By Olivia Pierson
I’ve become aware of an issue in New Zealand that makes my blood boil.
That issue is how poorly women who have just given birth are cared for in the New Zealand health system.
It has become a fight just to give new mothers the minimum legal right of 48 hours of maternity care. Too many women are pressured to give birth then move on, often without the confidence of being able to properly breastfeed their baby and without feeling well enough to go home, either physically or mentally.
Sometimes women are traumatised by a difficult birth and lack of quality care but are sent home anyway to go it alone with overwhelming feelings of anxiety and inadequacy. That’s a recipe for chronic post-natal depression in itself.
Little wonder then, that New Zealand’s maternity suicide rate is shocking: five times higher than the United Kingdom’s, with far too many of those women being Maori. I’ve read horror stories which have become far too common, where new mothers who are in labour themselves are the ones helping other women in labour because the hospital staff are too busy to attend them.
One heartbreaking incident in Rotorua in 2018, saw a young mother give birth to her still-born baby with no medical staff in attendance, only her own traumatised mother at her side. The baby had been dead inside her for a week, which is why she had been sent to the hospital. Staff were aware that this was the case but left her alone anyway as they just couldn’t spare anyone to help her, or so they said.
Not exactly The Red Tent.
On the upside, there now exists quite a powerful campaign to address this problem – and rather than being a government initiative, it’s a private charity called Mothers Matter and was founded by Chloe Wright, CEO of the Wright Family Foundation.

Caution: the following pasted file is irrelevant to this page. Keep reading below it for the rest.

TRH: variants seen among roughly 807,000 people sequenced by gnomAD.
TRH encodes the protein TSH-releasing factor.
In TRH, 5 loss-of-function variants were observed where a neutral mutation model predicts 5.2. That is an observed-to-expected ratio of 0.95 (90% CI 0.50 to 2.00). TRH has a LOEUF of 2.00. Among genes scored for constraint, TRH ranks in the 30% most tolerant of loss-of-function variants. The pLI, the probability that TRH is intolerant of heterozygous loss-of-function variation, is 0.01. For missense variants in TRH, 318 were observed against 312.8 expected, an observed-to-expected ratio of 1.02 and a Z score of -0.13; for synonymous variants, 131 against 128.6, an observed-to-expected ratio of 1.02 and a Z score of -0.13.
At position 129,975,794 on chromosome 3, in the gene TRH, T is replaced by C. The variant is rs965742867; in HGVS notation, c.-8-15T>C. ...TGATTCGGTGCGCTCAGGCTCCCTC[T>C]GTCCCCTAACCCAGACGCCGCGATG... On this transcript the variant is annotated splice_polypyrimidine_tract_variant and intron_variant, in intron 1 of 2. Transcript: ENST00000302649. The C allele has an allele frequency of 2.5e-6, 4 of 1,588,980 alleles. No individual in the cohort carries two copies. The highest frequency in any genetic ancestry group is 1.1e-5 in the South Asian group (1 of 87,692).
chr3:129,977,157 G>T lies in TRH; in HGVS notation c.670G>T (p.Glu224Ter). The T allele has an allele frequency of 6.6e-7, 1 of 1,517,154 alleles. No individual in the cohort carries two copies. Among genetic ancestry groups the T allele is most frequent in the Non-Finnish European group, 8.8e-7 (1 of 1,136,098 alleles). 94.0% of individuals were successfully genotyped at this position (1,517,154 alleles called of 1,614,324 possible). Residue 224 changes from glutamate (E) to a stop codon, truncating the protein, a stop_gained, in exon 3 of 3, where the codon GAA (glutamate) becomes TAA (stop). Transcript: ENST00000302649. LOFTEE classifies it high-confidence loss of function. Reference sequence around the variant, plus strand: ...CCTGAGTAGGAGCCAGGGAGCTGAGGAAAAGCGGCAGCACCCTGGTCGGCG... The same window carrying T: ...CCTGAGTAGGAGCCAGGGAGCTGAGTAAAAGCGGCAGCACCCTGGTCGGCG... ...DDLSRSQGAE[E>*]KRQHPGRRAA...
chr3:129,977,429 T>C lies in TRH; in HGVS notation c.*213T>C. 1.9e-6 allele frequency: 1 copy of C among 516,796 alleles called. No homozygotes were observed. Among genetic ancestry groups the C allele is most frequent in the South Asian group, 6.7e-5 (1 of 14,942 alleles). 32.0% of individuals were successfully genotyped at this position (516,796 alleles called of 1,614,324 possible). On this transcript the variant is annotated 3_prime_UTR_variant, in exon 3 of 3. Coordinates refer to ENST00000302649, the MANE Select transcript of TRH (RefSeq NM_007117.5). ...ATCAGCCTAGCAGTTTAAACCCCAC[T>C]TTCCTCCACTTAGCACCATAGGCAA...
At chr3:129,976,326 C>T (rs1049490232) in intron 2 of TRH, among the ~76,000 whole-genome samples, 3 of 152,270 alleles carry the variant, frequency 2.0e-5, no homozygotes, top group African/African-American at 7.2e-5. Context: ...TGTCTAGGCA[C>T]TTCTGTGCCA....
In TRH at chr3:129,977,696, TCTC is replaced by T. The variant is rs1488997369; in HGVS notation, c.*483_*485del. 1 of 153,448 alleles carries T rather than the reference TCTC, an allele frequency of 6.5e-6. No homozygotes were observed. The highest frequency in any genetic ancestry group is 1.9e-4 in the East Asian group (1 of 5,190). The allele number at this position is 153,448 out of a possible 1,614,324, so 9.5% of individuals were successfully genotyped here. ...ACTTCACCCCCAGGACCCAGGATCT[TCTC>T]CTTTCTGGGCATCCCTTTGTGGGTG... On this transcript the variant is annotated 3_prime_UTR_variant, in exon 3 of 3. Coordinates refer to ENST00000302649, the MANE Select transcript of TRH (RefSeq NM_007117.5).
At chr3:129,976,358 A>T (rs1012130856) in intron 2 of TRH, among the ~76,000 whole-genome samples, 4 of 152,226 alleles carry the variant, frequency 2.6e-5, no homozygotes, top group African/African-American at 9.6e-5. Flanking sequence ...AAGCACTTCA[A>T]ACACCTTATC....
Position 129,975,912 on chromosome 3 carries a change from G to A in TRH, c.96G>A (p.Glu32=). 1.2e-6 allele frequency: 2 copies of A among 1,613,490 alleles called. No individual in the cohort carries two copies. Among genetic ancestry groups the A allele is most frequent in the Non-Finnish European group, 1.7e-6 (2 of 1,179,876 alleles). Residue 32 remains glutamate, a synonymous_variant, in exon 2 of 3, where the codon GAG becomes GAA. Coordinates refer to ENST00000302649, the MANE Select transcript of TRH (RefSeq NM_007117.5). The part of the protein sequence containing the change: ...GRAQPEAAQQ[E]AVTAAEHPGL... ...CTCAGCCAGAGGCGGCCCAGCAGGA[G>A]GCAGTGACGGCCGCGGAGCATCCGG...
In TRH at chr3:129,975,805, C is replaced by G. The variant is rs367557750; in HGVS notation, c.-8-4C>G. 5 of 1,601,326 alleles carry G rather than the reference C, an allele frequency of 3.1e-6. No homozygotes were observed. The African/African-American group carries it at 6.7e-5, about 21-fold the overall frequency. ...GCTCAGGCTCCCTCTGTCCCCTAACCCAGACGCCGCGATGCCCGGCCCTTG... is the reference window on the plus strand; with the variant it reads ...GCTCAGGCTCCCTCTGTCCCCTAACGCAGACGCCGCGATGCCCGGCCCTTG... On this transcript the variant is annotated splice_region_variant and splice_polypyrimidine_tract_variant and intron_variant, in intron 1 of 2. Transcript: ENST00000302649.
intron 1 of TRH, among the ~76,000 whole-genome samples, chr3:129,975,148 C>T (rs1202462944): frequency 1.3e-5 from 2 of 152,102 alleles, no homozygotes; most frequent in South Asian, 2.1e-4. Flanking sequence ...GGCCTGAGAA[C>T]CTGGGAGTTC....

In what can only be described as a highly ambitious project with a massive dose of heart, Chloe Wright’s foundation has already built four new, beautiful birthing units around the country, where mums can give birth in a high quality, well-resourced and staffed environment – and get the post-natal care and attention they desperately need before going home. Chloe has even made sure that their partners/husbands can stay in the facility too if they wish to be part of that golden window of parental bonding which happens in the first 48 hours of an infant’s new life.
Funded by the foundation, these birthing units are free of charge. So far, there is one in Mangere, one in Tauranga, one in Palmerston North (the management of which was taken over by the MidCentral DHB in 2020) and one in Lower Hutt (which was closed, then recently reopened again, run now by Health NZ). The Tauranga unit receives a small amount of local DHB funding, but Auckland receives none.
Chloe was hoping that the Government would allocate some much-needed funding through the DHB to the Nga Hau Mangere unit, saying:
“The centre is free for birthing women but only seven of the 20 suites are being utilised as the Foundation continues to fund the centre independently. To date, the DHB refuses to engage. It’s a ‘no brainer’, but clearly a ‘no heart’ approach to the women and families of South Auckland.”
After the birth, the main goal of the birthing units is to see “all of our mums to return home feeling confident and empowered in their ability to look after their baby.” If mums struggle with breastfeeding after they have returned home, the staff can offer advice over the telephone or link up mums with support services to help.